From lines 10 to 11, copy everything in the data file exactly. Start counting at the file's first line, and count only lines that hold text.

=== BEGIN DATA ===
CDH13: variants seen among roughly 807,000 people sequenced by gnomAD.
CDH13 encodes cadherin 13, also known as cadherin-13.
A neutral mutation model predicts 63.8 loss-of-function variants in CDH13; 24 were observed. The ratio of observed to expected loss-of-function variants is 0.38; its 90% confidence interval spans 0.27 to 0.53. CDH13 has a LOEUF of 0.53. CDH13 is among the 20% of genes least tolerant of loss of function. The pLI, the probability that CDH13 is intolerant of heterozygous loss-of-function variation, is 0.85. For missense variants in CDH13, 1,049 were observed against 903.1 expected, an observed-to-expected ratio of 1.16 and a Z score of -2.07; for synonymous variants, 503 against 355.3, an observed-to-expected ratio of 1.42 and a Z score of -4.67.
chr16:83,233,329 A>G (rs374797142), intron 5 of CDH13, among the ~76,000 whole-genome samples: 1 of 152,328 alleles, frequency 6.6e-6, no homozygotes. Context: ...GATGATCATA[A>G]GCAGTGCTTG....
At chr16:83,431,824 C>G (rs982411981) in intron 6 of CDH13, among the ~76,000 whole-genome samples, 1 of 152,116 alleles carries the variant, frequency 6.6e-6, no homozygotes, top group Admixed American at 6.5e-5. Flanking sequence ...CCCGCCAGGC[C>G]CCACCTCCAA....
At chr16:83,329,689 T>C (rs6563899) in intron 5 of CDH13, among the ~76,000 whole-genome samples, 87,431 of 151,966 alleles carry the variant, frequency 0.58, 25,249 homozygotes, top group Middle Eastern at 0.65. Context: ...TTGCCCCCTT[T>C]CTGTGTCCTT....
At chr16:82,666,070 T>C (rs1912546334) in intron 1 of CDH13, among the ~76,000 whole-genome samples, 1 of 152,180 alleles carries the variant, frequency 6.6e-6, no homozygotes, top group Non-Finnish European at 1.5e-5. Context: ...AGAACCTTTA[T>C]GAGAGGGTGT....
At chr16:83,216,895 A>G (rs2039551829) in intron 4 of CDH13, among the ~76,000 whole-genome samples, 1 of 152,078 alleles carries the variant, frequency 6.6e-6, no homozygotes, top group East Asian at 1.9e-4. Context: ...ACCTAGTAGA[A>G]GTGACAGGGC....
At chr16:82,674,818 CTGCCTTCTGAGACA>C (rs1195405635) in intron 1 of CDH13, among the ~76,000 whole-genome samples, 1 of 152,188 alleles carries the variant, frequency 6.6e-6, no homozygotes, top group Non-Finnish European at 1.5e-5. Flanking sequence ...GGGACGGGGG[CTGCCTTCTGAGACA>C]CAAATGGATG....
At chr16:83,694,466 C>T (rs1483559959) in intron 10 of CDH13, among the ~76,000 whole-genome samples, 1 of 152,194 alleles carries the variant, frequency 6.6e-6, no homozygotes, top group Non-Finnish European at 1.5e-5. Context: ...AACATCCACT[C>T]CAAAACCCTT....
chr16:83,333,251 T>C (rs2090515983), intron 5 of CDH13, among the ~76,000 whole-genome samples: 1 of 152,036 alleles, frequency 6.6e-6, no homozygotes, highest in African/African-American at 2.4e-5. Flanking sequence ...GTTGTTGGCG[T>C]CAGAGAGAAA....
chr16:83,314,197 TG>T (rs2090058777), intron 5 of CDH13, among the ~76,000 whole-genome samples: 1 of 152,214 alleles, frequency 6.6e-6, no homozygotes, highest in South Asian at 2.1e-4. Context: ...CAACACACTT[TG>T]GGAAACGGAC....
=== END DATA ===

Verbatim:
At chr16:83,694,466 C>T (rs1483559959) in intron 10 of CDH13, among the ~76,000 whole-genome samples, 1 of 152,194 alleles carries the variant, frequency 6.6e-6, no homozygotes, top group Non-Finnish European at 1.5e-5. Context: ...AACATCCACT[C>T]CAAAACCCTT....
chr16:83,333,251 T>C (rs2090515983), intron 5 of CDH13, among the ~76,000 whole-genome samples: 1 of 152,036 alleles, frequency 6.6e-6, no homozygotes, highest in African/African-American at 2.4e-5. Flanking sequence ...GTTGTTGGCG[T>C]CAGAGAGAAA....